The battle for Mosul, which kicked off on Oct. 16 to liberate Iraq's second largest city from Daesh, causes multiple concerns. It remains unclear whether the civilian population will be harmed as a result of the operation. If Daesh choose to resist, there would be nothing stopping them from using chemical weapons. At the same time, al-Hashd al-Shaabi basically represents a Shiite version of Daesh. Keeping in mind that the two groups are equally capable of senseless violence, many observers are worried that they, coupled with sectarian Shiite forces within the Iraqi army, could start a region-wide sectarian war in Mosul.
Growing sectarian tensions in the region, among other developments, represent a serious security threat to Turkey - which is why policy makers in Ankara are closely monitoring the situation in Mosul. Against the backdrop of Baghdad's complaints, Turkey and the United States have reached an agreement to secure the participation of Turkish jets in the Mosul operation. Furthermore, Turkish troops remain at Camp Bashiqa, as Turkish-trained Nineveh volunteers fight Daesh on the city's outskirts.
To be clear, there are a number of tactical and strategic problems with the Mosul operation. One of the most serious concerns relates to Syria. According to Russian officials, the operation's planners created a corridor south of Mosul to facilitate the evacuation of terrorists from the area and minimize civilian casualties. However, the plan would effectively lead to a stronger Daesh presence in Raqqa and, possibly, al-Bab - which could place Turkey's Operation Euphrates Shield at risk. With Turkish-backed Free Syrian Army (FSA) forces advancing toward al-Bab after liberating Dabiq and President Recep Tayyip Erdoğan offering to work with the U.S. to liberate Raqqa, the movement of terrorists from Iraq to Syria could be a serious problem.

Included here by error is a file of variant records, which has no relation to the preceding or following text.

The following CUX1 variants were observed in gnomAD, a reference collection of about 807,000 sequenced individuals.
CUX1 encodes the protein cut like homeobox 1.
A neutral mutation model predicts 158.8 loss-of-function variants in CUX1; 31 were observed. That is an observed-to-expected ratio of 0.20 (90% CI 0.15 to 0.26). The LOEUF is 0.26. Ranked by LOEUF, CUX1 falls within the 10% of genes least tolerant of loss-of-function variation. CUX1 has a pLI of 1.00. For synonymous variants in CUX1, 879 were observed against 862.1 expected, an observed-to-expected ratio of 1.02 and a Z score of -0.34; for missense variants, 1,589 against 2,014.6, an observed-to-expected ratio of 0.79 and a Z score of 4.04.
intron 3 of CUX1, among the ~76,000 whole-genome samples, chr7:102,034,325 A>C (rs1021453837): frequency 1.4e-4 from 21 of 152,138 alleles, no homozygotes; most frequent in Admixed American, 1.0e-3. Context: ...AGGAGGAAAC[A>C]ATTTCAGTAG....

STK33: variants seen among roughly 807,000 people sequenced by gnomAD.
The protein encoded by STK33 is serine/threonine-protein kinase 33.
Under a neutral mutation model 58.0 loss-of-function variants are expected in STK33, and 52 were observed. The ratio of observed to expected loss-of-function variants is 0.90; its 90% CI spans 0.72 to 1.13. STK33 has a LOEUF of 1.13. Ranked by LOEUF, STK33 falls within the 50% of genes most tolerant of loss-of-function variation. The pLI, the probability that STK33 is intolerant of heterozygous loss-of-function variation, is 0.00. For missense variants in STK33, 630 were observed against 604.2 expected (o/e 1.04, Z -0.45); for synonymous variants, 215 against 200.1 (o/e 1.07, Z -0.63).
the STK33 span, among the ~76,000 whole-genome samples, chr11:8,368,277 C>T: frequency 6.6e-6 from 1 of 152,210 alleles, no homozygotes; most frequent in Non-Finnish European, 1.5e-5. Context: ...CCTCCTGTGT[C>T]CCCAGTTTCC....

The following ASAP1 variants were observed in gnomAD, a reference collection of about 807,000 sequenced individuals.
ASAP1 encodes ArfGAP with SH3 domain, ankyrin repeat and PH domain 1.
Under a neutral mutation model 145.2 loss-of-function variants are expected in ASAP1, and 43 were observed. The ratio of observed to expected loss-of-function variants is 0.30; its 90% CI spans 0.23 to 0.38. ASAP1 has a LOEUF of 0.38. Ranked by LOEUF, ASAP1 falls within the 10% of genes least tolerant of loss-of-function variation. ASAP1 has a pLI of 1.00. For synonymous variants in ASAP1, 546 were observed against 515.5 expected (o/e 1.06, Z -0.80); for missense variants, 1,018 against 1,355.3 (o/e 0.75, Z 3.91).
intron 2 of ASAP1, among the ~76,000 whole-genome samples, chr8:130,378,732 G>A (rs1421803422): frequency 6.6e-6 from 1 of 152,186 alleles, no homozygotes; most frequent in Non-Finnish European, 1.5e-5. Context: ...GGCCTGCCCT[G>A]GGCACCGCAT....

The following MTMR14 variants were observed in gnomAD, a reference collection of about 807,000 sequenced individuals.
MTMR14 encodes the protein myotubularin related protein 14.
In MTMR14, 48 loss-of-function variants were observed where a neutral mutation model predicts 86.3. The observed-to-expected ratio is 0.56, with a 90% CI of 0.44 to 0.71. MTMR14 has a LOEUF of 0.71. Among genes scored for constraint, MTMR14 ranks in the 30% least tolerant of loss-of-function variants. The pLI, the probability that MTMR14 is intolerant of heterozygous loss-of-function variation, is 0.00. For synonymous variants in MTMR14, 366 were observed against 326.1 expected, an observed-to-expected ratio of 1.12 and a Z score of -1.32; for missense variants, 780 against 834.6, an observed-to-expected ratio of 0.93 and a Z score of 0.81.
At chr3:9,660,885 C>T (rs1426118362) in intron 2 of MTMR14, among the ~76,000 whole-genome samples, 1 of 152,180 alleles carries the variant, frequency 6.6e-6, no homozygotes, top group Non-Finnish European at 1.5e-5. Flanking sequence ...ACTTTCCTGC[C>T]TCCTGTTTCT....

Under the circumstances, Turkey will have to focus on defeating Daesh in northern Syria especially now the operation to liberate Mosul is underway. The main obstacle before further Turkish engagement is the People's Protection Units (YPG), the PKK's Syrian franchise - which Turkey considers a terrorist organization and Washington treats like an ally.
On both sides of the Turkish-enforced safe zone in northern Syria, YPG forces maintain control. Having claimed Manbij on June, the group crossed the Euphrates -a Turkish red line- and took an important step toward creating a corridor extending from Afrin in the West and Kobani in the East. To strengthen their control over newly-conquered territories, the YPG forces in the past committed war crimes including forced migration of rival Kurdish groups and non-Kurdish communities.
What stopped the YPG in its tracks was Operation Euphrates Shield - which angered the terrorists and led them to target FSA forces fighting Daesh in the area. As the moderate rebels were trying to liberate Dabiq, the YPG started firing at FSA positions and moving eastward toward al-Bab. In other words, the YPG's aggressive expansionism fueled tensions between the group and FSA forces. In response, Turkish jets launched airstrikes against YPG positions and killed an estimated 200 militants.
What happened in recent days suggests that the YPG represents a national security threat not only in Manbij and but also Afrin. Seeking to create a safe zone in northern Syria to seal the border and prevent illegal immigration, Turkey has no choice but to eliminate the YPG threat before Daesh militants leave Mosul for Raqqa and al-Bab. At this point, the FSA forces are compelled to kick the YPG out of Afrin and Manbij.